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Thursday, January 5, 2012

Teary, but happy!

My latest offering for my online blog at The Bargain Hunter left me a little teary.  I'm a happy mom, though, my kids are the best.  Read away and let me know what you think and maybe tell me some of your own stories?  




It's her now.


What do you do when all the tinsel is packed away, the last Christmas ball is found under the couch, and the sparkly white lights on the porch shine their last hurrah?

What do you do when it’s time for your child to fly away into the vast gray skies back to their life in a faraway college town?   

You hitch up your boots, hug them hard, and say goodbye.

Christmas is long gone, safely ensconced in the annals of time.  New Years has come with all its glitzy once-in-a-lifetime craziness.  We ushered it in and watched it leave, as we slept the day away and filled ourselves with pork and kraut.  As the days grew closer to that inevitable trip to the airport, each hour and second that passed were denied in the only way we know how to do – ignore them.  

Up until that last second when you know it’s time they start packing.  Start putting everything in that little green suitcase that was deemed worthy of the trip, and find a place for the new treasures that were selected and offered as gifts.  

This life, this trail of jet fuel that snakes its way ever southward, connecting us through not only the receiving, but the taking away - this is what has become our reality.  We embrace it for the goodness that it has brought, yet want to shake it off for how far apart it makes us.  

You left a little girl, searching for that life that disconnected you from us.  Anything to get away from this small town that grew you, yet stifled you.  This is not a negative thing.  Every child needs to break the umbilical cord that stretches, unseen and unwanted, from parent to child.  That cutting is what makes them grow.  Still attached, it makes them stay children.  Oddly bound, unable to shoot in the direction they must go.

The rending of my heart, though, never quite heals. 

Technology has afforded me the luxury of being in touch with you at all times.  

Facebook, text, Skype, and even Words with Friends – all let me enter your world without invading it.  You call me as you’re biking to work or school, while babysitting, or before a big test.  I wait for these connections, and without fail, every day they occur.   

I don’t look at it as “she needs her mama” – I look at it that she’s deemed me worthy or her day.  Her life.  The information she shares with me is proffered – like an invitation to the big dance.  I take this and hold it close to my heart.  I can no longer tell her what she can and cannot do.  I can offer her my wisdom and my thoughts – but she will, in the end, decide what to do with them.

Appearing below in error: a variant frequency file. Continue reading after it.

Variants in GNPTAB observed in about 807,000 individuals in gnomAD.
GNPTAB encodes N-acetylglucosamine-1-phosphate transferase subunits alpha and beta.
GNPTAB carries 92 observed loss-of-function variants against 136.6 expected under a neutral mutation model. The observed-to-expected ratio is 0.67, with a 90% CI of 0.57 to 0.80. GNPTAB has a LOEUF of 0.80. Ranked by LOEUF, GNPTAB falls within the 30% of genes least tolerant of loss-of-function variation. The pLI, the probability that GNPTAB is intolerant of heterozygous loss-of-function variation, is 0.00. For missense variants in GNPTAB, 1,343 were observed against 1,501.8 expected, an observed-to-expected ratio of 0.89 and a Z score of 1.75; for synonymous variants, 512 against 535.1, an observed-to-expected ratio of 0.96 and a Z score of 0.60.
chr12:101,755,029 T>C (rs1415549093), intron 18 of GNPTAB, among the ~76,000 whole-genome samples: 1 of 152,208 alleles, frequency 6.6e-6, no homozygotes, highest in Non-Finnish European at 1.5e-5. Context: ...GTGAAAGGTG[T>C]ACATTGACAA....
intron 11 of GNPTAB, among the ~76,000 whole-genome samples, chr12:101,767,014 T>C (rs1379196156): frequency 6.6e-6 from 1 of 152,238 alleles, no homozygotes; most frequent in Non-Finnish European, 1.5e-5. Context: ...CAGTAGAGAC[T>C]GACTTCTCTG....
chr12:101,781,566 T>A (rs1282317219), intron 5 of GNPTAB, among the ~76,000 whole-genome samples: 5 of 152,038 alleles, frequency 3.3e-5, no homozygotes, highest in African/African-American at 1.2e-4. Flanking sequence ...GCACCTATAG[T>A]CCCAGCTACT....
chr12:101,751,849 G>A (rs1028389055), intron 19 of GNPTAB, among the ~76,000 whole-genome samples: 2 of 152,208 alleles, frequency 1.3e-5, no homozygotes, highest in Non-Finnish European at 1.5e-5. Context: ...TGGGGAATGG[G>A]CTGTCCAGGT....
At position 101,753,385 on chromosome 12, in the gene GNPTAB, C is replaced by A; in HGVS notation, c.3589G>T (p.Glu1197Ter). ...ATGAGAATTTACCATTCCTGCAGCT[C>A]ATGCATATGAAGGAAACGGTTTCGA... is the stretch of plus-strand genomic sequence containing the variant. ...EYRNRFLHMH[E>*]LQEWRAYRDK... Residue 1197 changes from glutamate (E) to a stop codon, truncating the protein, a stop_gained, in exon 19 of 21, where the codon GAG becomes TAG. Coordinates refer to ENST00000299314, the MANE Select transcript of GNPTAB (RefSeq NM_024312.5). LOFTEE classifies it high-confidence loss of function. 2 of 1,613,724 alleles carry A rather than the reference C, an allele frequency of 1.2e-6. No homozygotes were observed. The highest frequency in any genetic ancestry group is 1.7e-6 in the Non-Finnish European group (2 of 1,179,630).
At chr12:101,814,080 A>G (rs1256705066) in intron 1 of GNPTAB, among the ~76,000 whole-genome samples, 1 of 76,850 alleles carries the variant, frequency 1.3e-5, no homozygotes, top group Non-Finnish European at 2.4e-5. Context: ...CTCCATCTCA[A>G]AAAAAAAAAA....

Her father’s heart has had a harder time letting go.  He still wants to tuck her under his wing with his words the only ones she should hear – but too many others have now entered it.  A dad never really wants to let his little girl go.  He does, though, and talks of independence and clarity come about.  Talks of what direction she should go, what she can do to surge ahead, what she can do to succeed.  These are what satisfy him, as he once again sends her back.  A sometimes not so gentle pushing, back and forth, for two minds that are so alike.  She will succeed because he is behind her, and he is also in those brain cells that fire away with the need to forge ahead and make it.  She will make it because for 21 years, he has pushed her to make it.  That sharp-edged hardness comes out when she needs it.  

Today, though, I head to work knowing that when my day is done, it’s time to head to that place where huge engines fire.  Where my grown up daughter will buckle herself in, and head back to the place in the sun where she still has a little time to learn.  Another year and a half of books and knowledge.  Another period of time to grow. 

I don’t know when I will see her again.  The Christmas parting is the hardest.  She won’t come home for Easter break, or even for spring break.  The distance is too vast to just hop on a plane every other month.  I will steadfastly hug her goodbye, and wipe her tears away – that just recently started appearing when she leaves.  I will wait for the text that tells me she’s on the plane, that tells me she’s made it to her connection, that tells me she’s made it home, and that finally tells me she’s made it to her apartment.  

Only then will I shed a tear.  And I will just as quickly wipe it away, for her life is good.  Full of good things yet to discover, places to go, places to explore.  I want it all for her, and for that, I would never wish her here.  This world is hers.  It’s her now.

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